Sunday, July 10, 2011

My Annoying Little Doom Cloud

Over the last few days, my brain chemistry's been especially bad.  There's a terrible feeling of despair hovering over me, like a curtain of doom, waiting to fall.  Of course, as usual, there's no reason for me to feel this way.  Oh, yes, there are the common reasons people my age feel bad--I'm getting older, people I care about are dying, my body is starting to fail--but those reasons exist every day. 

Yet I don't feel bad every day. Only sometimes do I focus on the sorrowful facts of life and ignore the joyful ones.  And at those times the real reason I feel bad is that my brain is depriving me of tranquility chemicals.  The lack of those chemicals causes my mind to go looking for the source of my bad feelings.  When I find it--the fact that I'm no longer young, for instance--I feel better because I now have a reason to feel bad.  I might try to fix it by eliminating what I deem to be the source of my despair, if it's possible.  If not, then I'll suffer not-too-silently, complaining to friends or family. Or I might try to block it out.

But no matter what I do in response--whether I fix it or complain about it or ignore it--chances are the bad feelings will be gone in a few days anyway when my brain chemistry changes for the better.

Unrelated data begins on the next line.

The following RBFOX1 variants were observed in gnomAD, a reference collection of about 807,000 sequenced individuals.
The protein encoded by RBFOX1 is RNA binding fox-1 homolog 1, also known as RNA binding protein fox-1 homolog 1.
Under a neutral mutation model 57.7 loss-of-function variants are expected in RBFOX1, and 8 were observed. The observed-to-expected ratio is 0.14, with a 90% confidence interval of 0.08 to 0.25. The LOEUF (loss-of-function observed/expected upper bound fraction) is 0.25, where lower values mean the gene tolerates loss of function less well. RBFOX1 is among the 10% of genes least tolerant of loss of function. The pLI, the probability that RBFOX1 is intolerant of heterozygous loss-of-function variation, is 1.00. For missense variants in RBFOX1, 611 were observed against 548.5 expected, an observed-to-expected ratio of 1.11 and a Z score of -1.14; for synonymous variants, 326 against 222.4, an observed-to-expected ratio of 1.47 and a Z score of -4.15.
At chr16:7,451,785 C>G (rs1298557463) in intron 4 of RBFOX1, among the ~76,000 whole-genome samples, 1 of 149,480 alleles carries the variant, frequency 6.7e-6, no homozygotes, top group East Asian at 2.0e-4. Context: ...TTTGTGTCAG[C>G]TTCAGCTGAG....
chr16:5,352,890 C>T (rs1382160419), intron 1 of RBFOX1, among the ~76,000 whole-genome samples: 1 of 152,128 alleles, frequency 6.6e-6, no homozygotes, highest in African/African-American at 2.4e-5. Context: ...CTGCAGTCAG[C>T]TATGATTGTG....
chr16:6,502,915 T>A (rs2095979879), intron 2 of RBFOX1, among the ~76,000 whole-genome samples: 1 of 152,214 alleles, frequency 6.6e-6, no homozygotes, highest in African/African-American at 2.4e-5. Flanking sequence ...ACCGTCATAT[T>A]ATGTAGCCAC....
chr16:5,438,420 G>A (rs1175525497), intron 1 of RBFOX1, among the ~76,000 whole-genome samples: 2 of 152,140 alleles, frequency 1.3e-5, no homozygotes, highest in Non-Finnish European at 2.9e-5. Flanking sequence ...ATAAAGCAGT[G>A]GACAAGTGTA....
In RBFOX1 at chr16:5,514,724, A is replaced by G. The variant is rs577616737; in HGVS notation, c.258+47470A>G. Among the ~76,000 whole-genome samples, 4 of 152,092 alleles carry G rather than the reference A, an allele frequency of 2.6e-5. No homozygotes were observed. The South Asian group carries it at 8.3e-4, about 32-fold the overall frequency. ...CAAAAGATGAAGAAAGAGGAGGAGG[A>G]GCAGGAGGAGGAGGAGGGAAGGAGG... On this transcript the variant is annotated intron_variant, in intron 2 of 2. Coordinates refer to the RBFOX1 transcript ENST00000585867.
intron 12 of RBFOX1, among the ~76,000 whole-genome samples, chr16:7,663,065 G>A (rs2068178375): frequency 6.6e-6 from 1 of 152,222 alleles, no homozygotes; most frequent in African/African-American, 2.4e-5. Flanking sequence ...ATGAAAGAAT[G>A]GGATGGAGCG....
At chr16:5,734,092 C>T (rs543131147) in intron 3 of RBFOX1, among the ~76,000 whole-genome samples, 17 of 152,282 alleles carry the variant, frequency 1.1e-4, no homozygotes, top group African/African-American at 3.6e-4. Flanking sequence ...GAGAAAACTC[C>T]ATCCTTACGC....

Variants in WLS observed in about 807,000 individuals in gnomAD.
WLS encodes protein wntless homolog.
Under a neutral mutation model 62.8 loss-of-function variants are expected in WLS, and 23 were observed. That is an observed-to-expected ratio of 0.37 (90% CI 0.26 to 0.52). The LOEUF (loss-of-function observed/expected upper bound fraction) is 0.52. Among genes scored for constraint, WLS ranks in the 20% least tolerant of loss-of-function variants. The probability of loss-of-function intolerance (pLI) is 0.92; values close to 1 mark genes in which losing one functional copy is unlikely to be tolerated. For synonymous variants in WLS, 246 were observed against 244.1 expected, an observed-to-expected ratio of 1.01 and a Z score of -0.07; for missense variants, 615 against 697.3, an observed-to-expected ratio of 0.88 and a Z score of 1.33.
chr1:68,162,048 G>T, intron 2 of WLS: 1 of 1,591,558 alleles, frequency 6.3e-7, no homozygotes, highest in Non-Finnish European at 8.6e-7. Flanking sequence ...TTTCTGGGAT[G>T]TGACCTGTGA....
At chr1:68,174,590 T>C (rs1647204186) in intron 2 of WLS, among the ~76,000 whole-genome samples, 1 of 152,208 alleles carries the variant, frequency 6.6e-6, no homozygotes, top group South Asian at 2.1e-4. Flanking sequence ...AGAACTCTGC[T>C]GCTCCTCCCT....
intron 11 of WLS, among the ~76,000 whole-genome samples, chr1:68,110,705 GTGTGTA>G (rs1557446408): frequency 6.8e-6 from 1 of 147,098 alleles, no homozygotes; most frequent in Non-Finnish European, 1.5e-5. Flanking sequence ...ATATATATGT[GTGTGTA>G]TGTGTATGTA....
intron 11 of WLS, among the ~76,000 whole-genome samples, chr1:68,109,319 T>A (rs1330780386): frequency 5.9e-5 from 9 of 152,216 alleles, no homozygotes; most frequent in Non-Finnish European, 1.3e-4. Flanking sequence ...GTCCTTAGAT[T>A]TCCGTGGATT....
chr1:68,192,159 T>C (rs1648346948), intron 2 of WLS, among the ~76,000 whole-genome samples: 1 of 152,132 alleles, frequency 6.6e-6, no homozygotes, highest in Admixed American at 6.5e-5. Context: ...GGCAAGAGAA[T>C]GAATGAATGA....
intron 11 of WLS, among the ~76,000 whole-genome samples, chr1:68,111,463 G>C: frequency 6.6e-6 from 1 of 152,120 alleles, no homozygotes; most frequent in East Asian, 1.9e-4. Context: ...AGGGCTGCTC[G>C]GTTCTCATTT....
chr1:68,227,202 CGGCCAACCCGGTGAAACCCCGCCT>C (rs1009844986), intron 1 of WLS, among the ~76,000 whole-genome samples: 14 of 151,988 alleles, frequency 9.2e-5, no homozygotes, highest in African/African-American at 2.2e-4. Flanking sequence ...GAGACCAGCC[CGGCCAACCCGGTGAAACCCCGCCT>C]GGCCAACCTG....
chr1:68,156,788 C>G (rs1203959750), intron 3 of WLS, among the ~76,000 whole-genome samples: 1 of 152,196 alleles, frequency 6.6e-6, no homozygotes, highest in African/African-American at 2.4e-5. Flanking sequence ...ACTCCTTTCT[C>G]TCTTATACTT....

Being aware of that reality makes all the difference to me.  I feel terrible, but instead of looking to the world around me for a reason, I look within and realize it's just my brain chemistry doing a number on me--and that it will pass. 

Sometimes it helps to picture that dark cloud as something separate from me, like an annoying little brother following me around, pushing my buttons, cramping my style.  He wins if I let him get to me, so I try not to.  I sometimes have the urge to explain "him" to people: "Don't mind my little gloom cloud; he's always like this--a pain in the butt."

It also helps to do some scanning activities to make the feeling go away for short periods of time.  This technique is especially useful at work, where showing unwarranted emotions can be hazardous. (Can you think of a time when a coworker suddenly burst into tears for no discernible reason? Pretty strange, no?)  Fortunately, my work involves a lot of scanning, so throwing myself into such tasks automatically makes the day better.

Writing this blog is helpful in a number of ways.  I can put off the bad feelings, sort out my feelings about my dilemma, and share my insights with those who care to listen in, who might be helped with their own bad brain chemistry.

See you next time.

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